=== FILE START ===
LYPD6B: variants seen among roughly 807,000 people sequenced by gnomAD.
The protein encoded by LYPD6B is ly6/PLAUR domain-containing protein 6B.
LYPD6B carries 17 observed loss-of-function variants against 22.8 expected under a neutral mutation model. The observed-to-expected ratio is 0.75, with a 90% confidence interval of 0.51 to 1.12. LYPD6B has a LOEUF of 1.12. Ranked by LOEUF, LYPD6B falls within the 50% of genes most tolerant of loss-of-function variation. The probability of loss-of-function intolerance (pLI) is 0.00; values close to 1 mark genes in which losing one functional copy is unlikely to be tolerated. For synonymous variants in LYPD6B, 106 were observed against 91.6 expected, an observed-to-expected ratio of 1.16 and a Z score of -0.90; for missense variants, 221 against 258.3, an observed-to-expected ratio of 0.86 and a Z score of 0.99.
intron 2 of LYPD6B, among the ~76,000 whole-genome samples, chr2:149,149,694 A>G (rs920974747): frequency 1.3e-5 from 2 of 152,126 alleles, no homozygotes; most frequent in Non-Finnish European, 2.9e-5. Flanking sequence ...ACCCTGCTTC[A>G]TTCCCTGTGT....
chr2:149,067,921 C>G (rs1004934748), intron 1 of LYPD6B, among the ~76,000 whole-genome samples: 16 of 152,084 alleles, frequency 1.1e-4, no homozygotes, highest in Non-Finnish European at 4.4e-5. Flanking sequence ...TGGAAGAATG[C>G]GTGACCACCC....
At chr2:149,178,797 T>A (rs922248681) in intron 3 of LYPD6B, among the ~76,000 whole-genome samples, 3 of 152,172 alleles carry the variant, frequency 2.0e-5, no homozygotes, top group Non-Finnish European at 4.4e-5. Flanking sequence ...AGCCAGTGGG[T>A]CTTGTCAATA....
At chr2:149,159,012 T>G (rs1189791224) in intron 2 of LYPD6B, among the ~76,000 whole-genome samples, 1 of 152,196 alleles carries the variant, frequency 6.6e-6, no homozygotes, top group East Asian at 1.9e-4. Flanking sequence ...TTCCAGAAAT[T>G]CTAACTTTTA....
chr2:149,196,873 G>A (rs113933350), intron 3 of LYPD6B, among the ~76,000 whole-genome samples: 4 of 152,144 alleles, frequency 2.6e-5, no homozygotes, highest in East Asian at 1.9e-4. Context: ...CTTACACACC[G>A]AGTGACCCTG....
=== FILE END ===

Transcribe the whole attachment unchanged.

LYPD6B: variants seen among roughly 807,000 people sequenced by gnomAD.
The protein encoded by LYPD6B is ly6/PLAUR domain-containing protein 6B.
LYPD6B carries 17 observed loss-of-function variants against 22.8 expected under a neutral mutation model. The observed-to-expected ratio is 0.75, with a 90% confidence interval of 0.51 to 1.12. LYPD6B has a LOEUF of 1.12. Ranked by LOEUF, LYPD6B falls within the 50% of genes most tolerant of loss-of-function variation. The probability of loss-of-function intolerance (pLI) is 0.00; values close to 1 mark genes in which losing one functional copy is unlikely to be tolerated. For synonymous variants in LYPD6B, 106 were observed against 91.6 expected, an observed-to-expected ratio of 1.16 and a Z score of -0.90; for missense variants, 221 against 258.3, an observed-to-expected ratio of 0.86 and a Z score of 0.99.
intron 2 of LYPD6B, among the ~76,000 whole-genome samples, chr2:149,149,694 A>G (rs920974747): frequency 1.3e-5 from 2 of 152,126 alleles, no homozygotes; most frequent in Non-Finnish European, 2.9e-5. Flanking sequence ...ACCCTGCTTC[A>G]TTCCCTGTGT....
chr2:149,067,921 C>G (rs1004934748), intron 1 of LYPD6B, among the ~76,000 whole-genome samples: 16 of 152,084 alleles, frequency 1.1e-4, no homozygotes, highest in Non-Finnish European at 4.4e-5. Flanking sequence ...TGGAAGAATG[C>G]GTGACCACCC....
At chr2:149,178,797 T>A (rs922248681) in intron 3 of LYPD6B, among the ~76,000 whole-genome samples, 3 of 152,172 alleles carry the variant, frequency 2.0e-5, no homozygotes, top group Non-Finnish European at 4.4e-5. Flanking sequence ...AGCCAGTGGG[T>A]CTTGTCAATA....
At chr2:149,159,012 T>G (rs1189791224) in intron 2 of LYPD6B, among the ~76,000 whole-genome samples, 1 of 152,196 alleles carries the variant, frequency 6.6e-6, no homozygotes, top group East Asian at 1.9e-4. Flanking sequence ...TTCCAGAAAT[T>G]CTAACTTTTA....
chr2:149,196,873 G>A (rs113933350), intron 3 of LYPD6B, among the ~76,000 whole-genome samples: 4 of 152,144 alleles, frequency 2.6e-5, no homozygotes, highest in East Asian at 1.9e-4. Context: ...CTTACACACC[G>A]AGTGACCCTG....